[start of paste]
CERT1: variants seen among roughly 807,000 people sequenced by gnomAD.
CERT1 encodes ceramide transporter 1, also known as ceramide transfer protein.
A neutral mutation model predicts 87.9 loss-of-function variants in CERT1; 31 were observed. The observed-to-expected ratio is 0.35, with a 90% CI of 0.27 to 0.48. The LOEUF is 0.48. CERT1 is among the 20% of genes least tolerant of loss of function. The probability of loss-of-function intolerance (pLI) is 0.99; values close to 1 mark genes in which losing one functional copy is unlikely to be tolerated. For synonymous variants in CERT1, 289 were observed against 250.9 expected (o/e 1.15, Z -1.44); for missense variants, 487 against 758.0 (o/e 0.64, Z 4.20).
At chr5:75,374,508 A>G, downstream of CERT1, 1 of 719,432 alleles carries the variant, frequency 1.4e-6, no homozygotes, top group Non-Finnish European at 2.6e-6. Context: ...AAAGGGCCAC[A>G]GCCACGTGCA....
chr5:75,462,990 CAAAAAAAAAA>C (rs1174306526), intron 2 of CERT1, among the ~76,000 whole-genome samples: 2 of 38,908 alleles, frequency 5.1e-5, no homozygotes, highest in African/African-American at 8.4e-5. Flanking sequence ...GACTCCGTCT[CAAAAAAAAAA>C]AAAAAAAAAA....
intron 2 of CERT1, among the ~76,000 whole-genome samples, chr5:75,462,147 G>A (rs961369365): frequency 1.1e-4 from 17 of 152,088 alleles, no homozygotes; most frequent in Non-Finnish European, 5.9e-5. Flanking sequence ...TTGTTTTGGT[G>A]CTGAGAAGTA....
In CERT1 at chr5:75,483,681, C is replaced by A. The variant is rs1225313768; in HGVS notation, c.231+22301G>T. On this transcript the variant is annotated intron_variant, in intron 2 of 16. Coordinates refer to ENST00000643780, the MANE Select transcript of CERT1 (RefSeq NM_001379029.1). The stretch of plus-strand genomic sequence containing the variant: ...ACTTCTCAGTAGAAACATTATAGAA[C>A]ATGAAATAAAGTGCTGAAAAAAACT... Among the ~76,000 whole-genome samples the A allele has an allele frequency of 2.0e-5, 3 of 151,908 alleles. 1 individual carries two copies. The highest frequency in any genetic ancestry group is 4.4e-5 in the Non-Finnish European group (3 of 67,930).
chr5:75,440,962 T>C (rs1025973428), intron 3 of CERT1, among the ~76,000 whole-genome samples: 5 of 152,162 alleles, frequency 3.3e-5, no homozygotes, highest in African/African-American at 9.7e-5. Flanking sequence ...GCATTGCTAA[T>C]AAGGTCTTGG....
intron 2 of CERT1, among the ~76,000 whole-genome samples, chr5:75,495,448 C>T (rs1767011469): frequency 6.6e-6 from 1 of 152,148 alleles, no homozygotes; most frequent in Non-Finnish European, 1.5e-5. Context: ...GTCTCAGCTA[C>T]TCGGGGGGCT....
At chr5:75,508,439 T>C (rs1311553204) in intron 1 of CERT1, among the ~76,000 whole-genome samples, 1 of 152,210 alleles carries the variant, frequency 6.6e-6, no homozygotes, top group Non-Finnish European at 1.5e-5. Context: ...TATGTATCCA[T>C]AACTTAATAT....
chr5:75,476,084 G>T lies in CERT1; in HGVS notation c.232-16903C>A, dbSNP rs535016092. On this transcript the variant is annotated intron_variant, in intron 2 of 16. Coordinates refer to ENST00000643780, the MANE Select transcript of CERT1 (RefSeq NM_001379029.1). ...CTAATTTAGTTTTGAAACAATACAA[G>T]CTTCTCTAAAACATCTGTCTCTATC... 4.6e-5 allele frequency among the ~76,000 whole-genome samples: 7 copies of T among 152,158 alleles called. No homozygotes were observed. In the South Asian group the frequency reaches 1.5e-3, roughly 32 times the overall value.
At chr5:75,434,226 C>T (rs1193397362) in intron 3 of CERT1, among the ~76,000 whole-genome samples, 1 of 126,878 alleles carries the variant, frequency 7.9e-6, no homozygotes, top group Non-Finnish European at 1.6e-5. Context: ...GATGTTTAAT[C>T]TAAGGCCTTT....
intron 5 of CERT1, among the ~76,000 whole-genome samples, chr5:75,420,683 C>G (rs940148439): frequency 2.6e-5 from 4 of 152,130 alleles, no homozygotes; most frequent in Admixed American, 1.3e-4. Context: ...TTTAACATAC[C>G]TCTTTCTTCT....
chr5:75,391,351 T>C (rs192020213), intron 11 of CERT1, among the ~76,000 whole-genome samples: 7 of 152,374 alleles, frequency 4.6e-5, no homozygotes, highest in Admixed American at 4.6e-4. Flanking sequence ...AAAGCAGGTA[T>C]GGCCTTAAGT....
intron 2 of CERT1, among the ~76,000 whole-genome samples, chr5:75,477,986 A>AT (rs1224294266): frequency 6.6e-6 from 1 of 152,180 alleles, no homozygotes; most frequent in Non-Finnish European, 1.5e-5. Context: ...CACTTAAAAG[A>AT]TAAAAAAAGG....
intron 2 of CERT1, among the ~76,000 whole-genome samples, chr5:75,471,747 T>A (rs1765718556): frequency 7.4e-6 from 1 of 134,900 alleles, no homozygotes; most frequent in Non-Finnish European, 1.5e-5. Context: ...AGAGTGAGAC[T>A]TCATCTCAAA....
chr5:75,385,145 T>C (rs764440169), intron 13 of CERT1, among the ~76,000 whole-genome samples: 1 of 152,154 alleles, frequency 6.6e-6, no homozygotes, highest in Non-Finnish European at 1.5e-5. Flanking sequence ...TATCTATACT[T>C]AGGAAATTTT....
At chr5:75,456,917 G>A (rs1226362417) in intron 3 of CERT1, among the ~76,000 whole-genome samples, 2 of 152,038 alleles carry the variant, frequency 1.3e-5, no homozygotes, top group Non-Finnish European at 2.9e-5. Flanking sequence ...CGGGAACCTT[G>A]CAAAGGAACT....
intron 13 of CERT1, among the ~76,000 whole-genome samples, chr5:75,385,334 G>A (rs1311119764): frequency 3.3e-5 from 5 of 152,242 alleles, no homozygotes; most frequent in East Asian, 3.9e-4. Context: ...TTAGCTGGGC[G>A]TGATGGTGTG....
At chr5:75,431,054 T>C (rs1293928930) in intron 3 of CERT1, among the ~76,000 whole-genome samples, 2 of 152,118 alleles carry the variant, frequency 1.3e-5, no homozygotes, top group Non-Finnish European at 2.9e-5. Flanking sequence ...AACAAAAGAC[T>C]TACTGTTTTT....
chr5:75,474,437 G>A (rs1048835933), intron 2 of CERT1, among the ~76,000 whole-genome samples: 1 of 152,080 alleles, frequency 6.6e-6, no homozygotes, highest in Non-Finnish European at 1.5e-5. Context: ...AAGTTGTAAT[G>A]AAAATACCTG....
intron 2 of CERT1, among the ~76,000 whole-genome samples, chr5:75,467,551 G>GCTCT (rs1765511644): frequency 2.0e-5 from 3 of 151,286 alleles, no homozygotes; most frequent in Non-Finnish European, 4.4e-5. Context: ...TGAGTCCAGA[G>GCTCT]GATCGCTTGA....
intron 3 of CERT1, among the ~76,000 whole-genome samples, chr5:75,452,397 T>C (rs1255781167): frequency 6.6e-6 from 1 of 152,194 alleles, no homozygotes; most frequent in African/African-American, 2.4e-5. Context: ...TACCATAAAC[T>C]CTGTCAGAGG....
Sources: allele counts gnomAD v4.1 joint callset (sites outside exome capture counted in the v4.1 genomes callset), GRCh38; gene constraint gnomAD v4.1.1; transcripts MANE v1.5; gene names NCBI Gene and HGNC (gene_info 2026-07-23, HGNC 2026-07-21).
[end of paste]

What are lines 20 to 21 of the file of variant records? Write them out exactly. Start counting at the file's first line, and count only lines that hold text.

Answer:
At chr5:75,431,054 T>C (rs1293928930) in intron 3 of CERT1, among the ~76,000 whole-genome samples, 2 of 152,118 alleles carry the variant, frequency 1.3e-5, no homozygotes, top group Non-Finnish European at 2.9e-5. Flanking sequence ...AACAAAAGAC[T>C]TACTGTTTTT....
chr5:75,474,437 G>A (rs1048835933), intron 2 of CERT1, among the ~76,000 whole-genome samples: 1 of 152,080 alleles, frequency 6.6e-6, no homozygotes, highest in Non-Finnish European at 1.5e-5. Context: ...AAGTTGTAAT[G>A]AAAATACCTG....